Nine years later, when the small-town boy symbolically ended 45 years of Kings frustration by hoisting the Stanley Cup in downtown Los Angeles, there was only one role Brown was fit to play: Superhero.
“It was special,” Brown says of his unique role as both captain and King in the franchise’s first-ever Cup win. The same adjective could be used to describe Brown.
Statistically, Brown has been a model of his consistency throughout his NHL career. His five consecutive seasons of 50-or-more points and 22-or-more goals depict a rock solid power forward. But Brown’s development as a team leader, community activist, and family man are a more accurate barometer of the captain’s development.
“Brownie,” says teammate Anze Kopitar, “is a great leader. I have so much respect for him.”
Kings President/General Manager Dean Lombardi marvels at Brown’s ability to recognize a crucial moment and then rise to the occasion. “That’s what leaders do,” Lombardi says.
Respect for Brown is universal after last spring’s run to the Stanley Cup. For much of the postseason, Brown looked for all the world like the best hockey player on the planet. He finished the postseason with eight goals and 20 points.
The Kings and their fans have witnessed a remarkable transformation in Brown over the past decade, but there were always clear indicators that the winger drafted 13th overall in 2003 had something deep inside that set him apart.
Long before his name was etched on the Stanley Cup – and in the hearts of Kings’ fans – forever, Brown left his cozy upstate New York home to play junior hockey in a Canada. It was a decision that would help define him and set him on a course
“I made that decision with my parents and my agent at the time,” Brown said. “I was three years away from college and it seemed like the best thing for my development. (The Ontario Hockey League) was the best league that I could play in and it all work out for the better.”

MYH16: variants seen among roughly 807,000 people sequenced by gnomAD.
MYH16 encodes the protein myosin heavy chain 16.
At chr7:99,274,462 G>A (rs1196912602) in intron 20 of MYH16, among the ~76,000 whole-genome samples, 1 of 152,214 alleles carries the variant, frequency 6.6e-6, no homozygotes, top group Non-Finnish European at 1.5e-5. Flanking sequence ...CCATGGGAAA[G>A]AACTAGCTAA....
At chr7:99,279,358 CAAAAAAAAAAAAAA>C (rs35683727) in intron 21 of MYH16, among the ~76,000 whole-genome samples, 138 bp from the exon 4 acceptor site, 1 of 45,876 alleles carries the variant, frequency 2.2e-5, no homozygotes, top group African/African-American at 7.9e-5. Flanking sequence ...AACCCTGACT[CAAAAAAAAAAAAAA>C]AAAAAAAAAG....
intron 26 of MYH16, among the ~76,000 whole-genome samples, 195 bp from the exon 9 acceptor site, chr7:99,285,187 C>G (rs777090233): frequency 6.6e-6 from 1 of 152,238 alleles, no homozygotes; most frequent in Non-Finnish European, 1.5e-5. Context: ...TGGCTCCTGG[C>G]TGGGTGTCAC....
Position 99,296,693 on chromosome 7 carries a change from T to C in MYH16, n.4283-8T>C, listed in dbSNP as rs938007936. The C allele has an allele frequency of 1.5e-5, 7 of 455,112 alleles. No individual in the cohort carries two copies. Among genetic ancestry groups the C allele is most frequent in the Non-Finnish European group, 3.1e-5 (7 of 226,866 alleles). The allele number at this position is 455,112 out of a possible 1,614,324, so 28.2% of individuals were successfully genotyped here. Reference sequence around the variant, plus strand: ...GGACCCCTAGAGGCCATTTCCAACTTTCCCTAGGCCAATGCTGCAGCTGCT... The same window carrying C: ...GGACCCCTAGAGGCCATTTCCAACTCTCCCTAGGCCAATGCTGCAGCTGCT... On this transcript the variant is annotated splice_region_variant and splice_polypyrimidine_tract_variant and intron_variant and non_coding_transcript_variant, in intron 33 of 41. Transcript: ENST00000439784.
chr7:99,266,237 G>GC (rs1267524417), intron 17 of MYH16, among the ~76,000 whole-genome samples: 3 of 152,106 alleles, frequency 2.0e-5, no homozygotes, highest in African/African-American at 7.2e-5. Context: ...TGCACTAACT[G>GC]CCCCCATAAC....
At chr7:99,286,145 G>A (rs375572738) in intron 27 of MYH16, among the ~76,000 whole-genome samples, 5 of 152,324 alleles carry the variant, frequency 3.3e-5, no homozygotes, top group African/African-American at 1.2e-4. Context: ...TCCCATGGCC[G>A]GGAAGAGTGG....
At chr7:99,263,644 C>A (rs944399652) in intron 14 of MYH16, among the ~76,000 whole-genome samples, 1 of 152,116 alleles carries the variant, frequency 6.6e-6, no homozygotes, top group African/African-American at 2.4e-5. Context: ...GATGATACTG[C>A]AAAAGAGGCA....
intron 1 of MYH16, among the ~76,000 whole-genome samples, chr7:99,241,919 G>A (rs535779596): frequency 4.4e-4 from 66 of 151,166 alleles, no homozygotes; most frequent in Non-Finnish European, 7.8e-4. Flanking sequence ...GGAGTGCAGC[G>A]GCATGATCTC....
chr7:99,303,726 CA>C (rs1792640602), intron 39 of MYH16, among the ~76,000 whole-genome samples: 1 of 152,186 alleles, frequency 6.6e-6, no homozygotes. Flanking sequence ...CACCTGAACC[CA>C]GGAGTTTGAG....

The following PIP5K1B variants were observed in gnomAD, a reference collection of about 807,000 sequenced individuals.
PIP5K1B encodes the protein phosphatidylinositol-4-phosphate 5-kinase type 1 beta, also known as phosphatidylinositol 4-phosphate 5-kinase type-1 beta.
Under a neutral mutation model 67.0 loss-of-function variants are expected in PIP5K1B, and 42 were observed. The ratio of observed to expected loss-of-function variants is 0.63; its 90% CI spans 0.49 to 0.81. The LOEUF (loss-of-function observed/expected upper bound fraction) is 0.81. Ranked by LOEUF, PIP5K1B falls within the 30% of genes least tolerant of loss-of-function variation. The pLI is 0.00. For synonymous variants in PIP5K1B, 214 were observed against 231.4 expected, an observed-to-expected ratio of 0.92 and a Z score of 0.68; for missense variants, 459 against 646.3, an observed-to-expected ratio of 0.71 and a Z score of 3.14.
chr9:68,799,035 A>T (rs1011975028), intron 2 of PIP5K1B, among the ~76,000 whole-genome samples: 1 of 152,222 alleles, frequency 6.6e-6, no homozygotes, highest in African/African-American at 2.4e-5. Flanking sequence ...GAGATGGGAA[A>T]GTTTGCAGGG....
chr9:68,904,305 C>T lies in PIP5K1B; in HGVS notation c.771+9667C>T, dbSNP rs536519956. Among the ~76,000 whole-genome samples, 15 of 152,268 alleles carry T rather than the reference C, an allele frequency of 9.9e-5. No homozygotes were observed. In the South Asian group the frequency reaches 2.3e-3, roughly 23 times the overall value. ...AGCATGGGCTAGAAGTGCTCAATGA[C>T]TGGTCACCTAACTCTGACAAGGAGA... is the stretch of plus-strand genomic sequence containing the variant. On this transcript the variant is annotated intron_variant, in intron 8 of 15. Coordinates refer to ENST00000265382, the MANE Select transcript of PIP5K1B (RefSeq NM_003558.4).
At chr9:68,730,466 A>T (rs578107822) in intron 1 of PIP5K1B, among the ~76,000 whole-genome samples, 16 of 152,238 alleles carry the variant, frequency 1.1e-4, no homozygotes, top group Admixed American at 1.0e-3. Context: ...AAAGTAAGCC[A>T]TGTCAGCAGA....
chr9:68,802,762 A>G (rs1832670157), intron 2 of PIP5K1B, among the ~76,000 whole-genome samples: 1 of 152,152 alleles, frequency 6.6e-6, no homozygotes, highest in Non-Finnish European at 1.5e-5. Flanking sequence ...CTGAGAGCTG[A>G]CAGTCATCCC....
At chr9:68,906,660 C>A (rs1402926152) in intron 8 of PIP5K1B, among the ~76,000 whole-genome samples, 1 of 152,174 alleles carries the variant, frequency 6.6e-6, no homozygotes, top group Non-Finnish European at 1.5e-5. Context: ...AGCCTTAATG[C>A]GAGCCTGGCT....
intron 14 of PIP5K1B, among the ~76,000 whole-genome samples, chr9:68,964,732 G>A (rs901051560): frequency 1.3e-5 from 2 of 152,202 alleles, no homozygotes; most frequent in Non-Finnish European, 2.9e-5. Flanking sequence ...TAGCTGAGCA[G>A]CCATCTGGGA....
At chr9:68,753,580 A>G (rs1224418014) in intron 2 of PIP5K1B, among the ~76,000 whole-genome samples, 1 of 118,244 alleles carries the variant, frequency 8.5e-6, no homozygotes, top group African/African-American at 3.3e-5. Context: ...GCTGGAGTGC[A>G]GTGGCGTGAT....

That time in Canadian Juniors helped him become a unique player: Brown is fast but gritty, skilled but grinding.
By the time Brown joined the Kings after the 2004-05 lockout, he had a gap-toothed grin, courtesy of a collision with the boards in a minor league game at Manchester that belied his low-key demeanor. The Bobby Clarke smile screamed hockey player, and a tough one at that.
All you had to do was watch Brown play to see the aggressive player on the ice was different from the easy-going guy off it. And if you couldn’t watch him, a quick look at the stat sheet told the tale. Brown is perennially among the league’s leaders in hits; a year ago, his 293 hits were second in the NHL, trailing only the Islanders’ Matt Martin (374).
By 2007, it became apparent that Brown was no longer a kid. He had married his high school sweetheart, Nicole, and the couple became parents. The Browns now have three kids (and a fourth on the way), and after welcoming their first child, Dustin said that fatherhood was life altering.
“Even in the locker room,” Brown said, “you have a different perspective of everything that goes on. I remember after I had my son, I noticed things that maybe I didn’t notice before. Things like the chemistry of the team and how certain players interacted. It was the best thing that’s happened to me.”
Brown was not only the head of a household; he was about to become the king of Kings.